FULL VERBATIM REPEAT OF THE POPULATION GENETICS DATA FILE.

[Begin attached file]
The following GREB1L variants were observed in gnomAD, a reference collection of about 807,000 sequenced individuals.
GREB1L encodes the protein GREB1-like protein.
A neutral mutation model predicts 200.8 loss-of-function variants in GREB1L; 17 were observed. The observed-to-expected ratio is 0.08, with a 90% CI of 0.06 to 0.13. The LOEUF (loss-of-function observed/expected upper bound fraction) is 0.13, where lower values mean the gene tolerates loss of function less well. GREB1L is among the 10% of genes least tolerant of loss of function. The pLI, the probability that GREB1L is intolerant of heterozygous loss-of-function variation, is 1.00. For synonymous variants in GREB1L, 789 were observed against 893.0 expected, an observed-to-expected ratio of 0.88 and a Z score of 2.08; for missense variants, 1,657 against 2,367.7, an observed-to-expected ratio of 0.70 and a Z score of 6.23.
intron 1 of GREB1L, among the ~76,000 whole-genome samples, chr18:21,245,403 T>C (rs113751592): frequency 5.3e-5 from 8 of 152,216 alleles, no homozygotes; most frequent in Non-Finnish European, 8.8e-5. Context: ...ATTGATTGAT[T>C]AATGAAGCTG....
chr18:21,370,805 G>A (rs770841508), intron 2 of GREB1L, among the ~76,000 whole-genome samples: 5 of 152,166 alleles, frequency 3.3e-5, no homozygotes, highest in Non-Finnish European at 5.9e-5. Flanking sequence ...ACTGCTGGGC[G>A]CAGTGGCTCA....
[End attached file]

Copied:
The following GREB1L variants were observed in gnomAD, a reference collection of about 807,000 sequenced individuals.
GREB1L encodes the protein GREB1-like protein.
A neutral mutation model predicts 200.8 loss-of-function variants in GREB1L; 17 were observed. The observed-to-expected ratio is 0.08, with a 90% CI of 0.06 to 0.13. The LOEUF (loss-of-function observed/expected upper bound fraction) is 0.13, where lower values mean the gene tolerates loss of function less well. GREB1L is among the 10% of genes least tolerant of loss of function. The pLI, the probability that GREB1L is intolerant of heterozygous loss-of-function variation, is 1.00. For synonymous variants in GREB1L, 789 were observed against 893.0 expected, an observed-to-expected ratio of 0.88 and a Z score of 2.08; for missense variants, 1,657 against 2,367.7, an observed-to-expected ratio of 0.70 and a Z score of 6.23.
intron 1 of GREB1L, among the ~76,000 whole-genome samples, chr18:21,245,403 T>C (rs113751592): frequency 5.3e-5 from 8 of 152,216 alleles, no homozygotes; most frequent in Non-Finnish European, 8.8e-5. Context: ...ATTGATTGAT[T>C]AATGAAGCTG....
chr18:21,370,805 G>A (rs770841508), intron 2 of GREB1L, among the ~76,000 whole-genome samples: 5 of 152,166 alleles, frequency 3.3e-5, no homozygotes, highest in Non-Finnish European at 5.9e-5. Flanking sequence ...ACTGCTGGGC[G>A]CAGTGGCTCA....